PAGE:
The Nigerian Institution of Estate Surveyors and Valuers (NIESV) has called on the federal government to pay attention to the high cost of building materials if it truly desires to provide affordable housing for the low and medium-income earners, the less privileged and vulnerable people of Nigeria.
The institution also noted that no single cause can be identified to explain Nigeria’s poor economic performance over the years than the power situation, pointing out that “it is a national shame that an economy of about 180 million has about 12,500MWT of installed capacity as at today, with about 3,000 to 5,000MWT being transmitted to the final consumers when South Africa with a population of about 58 million generates about 59,000MWT shows that we have a long way to go.”
The NIESV said the cry has become imperative because 60 per cent of the total cost of construction goes into building materials, which has everything to do with housing development in the country.
The President of the National Council of NISEV, Chief Emmanuel Wike stated this in Benin City, capital of Edo State at a press conference to mark its 5th Council Meeting.
He noted further that housing development alone could drive the nation’s economy if adequate attention was paid to the high cost of building materials with a view to reducing them to a reasonable level.
According to Wike, “Government must proffer solutions that will reduce the cost of building materials to ensure adequate housing developm ent, affordability and delivery.”
To achieve this, he added that government must work on factors responsible for high cost of building materials, identifying these factors as exchange rate of the Naira, cost of raw materials, epileptic power supply, cost of fuel, transportation and distribution; inadequate infrastructure, political interference, government policies and legislation.
On power, he said, “The continuous tinkering with the structures of power supply and distribution with several billions of dollars spent since 1999 have only brought darkness, frustration, misery and worrisome situation among Nigerians.”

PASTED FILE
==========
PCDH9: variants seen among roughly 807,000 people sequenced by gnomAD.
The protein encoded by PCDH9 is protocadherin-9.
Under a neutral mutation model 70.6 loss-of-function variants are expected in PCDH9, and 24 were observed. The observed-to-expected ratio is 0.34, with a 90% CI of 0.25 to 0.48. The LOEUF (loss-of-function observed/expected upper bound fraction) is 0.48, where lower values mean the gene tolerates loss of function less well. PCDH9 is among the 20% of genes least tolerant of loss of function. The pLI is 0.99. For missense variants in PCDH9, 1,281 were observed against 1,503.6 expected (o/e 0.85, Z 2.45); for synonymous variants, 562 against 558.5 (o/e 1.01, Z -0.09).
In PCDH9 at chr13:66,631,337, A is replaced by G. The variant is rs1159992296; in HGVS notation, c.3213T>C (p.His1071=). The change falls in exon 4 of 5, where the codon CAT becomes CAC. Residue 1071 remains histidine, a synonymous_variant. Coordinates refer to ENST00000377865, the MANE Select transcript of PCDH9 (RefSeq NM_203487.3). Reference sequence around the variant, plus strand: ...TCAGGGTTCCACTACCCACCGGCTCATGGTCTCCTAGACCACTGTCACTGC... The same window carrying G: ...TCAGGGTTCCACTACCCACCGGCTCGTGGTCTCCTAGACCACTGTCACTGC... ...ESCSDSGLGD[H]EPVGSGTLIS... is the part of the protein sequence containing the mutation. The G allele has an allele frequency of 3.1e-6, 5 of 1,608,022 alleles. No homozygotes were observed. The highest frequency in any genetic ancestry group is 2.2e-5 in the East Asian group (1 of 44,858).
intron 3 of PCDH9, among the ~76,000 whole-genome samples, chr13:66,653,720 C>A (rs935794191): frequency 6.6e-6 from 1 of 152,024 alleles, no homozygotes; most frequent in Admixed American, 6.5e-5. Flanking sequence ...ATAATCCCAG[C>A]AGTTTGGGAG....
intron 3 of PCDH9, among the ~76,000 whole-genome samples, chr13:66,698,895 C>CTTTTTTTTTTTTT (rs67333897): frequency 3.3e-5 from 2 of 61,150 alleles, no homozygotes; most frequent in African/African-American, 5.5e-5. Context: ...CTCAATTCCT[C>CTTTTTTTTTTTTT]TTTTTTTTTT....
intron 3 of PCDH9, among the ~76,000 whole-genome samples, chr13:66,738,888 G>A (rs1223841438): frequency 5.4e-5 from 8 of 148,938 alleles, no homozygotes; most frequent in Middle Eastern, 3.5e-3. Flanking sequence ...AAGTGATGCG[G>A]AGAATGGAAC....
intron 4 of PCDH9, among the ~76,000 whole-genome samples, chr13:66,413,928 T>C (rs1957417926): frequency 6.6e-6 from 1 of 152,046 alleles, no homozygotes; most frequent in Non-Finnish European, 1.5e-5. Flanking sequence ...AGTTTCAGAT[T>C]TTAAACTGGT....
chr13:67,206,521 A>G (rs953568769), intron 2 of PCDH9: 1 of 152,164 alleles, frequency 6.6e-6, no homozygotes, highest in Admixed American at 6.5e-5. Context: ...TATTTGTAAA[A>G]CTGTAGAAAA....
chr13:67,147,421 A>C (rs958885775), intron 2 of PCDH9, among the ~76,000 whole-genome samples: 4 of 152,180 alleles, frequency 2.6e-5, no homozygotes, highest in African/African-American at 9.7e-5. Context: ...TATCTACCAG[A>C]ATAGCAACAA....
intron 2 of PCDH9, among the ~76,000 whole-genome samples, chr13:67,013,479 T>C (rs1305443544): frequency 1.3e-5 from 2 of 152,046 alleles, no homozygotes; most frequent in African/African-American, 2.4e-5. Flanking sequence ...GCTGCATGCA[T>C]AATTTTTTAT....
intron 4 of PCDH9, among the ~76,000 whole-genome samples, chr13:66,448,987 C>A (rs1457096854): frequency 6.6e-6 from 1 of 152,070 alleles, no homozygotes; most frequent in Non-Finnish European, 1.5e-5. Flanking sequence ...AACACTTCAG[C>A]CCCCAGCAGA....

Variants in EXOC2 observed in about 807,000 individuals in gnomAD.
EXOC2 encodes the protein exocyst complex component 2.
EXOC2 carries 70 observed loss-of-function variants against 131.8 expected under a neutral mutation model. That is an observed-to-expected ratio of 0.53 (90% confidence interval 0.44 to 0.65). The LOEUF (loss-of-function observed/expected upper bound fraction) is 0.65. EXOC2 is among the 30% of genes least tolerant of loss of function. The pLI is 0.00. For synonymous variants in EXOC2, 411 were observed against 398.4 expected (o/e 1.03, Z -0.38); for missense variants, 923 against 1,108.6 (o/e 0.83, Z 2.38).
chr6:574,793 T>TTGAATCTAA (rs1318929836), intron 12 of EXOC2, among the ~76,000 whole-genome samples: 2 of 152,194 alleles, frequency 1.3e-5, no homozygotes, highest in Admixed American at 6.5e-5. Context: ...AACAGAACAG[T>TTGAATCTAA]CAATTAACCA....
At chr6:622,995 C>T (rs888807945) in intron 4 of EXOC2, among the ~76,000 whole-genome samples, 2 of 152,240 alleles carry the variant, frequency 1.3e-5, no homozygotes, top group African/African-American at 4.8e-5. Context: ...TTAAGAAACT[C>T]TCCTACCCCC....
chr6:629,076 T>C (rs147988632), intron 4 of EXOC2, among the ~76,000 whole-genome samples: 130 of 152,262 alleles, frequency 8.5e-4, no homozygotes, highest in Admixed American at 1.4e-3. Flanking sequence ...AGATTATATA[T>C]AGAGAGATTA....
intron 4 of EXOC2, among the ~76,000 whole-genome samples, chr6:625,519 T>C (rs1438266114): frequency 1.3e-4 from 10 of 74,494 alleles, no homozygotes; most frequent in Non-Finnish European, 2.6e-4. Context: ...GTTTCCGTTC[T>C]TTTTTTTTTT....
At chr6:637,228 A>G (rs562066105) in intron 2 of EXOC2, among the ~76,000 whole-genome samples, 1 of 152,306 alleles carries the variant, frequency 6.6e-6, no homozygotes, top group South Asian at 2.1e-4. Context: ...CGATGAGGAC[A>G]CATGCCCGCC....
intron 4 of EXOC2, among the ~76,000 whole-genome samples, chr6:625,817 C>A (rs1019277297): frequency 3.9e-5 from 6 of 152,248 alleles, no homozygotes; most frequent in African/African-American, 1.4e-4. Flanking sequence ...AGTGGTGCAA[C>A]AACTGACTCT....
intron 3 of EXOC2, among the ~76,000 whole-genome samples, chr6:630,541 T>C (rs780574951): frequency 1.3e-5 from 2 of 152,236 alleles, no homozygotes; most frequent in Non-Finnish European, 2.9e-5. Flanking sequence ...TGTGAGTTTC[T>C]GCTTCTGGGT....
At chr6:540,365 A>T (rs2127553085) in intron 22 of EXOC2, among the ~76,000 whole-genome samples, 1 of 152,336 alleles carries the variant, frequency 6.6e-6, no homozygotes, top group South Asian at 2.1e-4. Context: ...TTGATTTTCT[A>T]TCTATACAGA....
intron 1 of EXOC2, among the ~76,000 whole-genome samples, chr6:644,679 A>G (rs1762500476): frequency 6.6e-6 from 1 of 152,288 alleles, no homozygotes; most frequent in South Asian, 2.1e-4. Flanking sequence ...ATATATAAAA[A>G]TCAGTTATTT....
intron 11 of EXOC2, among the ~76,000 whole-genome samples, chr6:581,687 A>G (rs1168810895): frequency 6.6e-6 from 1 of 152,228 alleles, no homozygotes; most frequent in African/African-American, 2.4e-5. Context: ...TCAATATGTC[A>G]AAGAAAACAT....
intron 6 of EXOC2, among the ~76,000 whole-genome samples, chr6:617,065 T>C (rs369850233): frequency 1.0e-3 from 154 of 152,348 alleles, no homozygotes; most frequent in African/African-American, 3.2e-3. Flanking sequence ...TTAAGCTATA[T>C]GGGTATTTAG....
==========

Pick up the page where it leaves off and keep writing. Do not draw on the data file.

Chief Wike stated that the importance of power supply should never be underestimated, adding that development cannot be achieved without adequate power supply.
His word: “Epileptic power supply in Nigeria has retarded industrial development, economic development, cost of productions, market price, and quality of services. It is a major determinant in job and wealth creation.”
Wike said though the NIESV understood that the power sector was in a very difficult situation and that a lot needed to be done to firm things up, but that the solution went beyond increasing tariff.
He said there should be a complete restructuring and overhaul in such a way as to ensure proper capacity at the distribution and transmission levels by involving private operators with the technical knowledge.
“It goes beyond throwing money into the sector. Already, the government has invested hugely in terms of capital and interventions. Trillions of Naira have been invested into this sector with little improvement to show for it. Increasing tariffs and injecting funds into the system is not the solution that will get us out of this situation.
“A very radical solution must be found to get us out of here. State interest, in form of state governments investing in the market space, must be encouraged and legislated. If need be, private sector participation must be encouraged,” the NIESV president stated.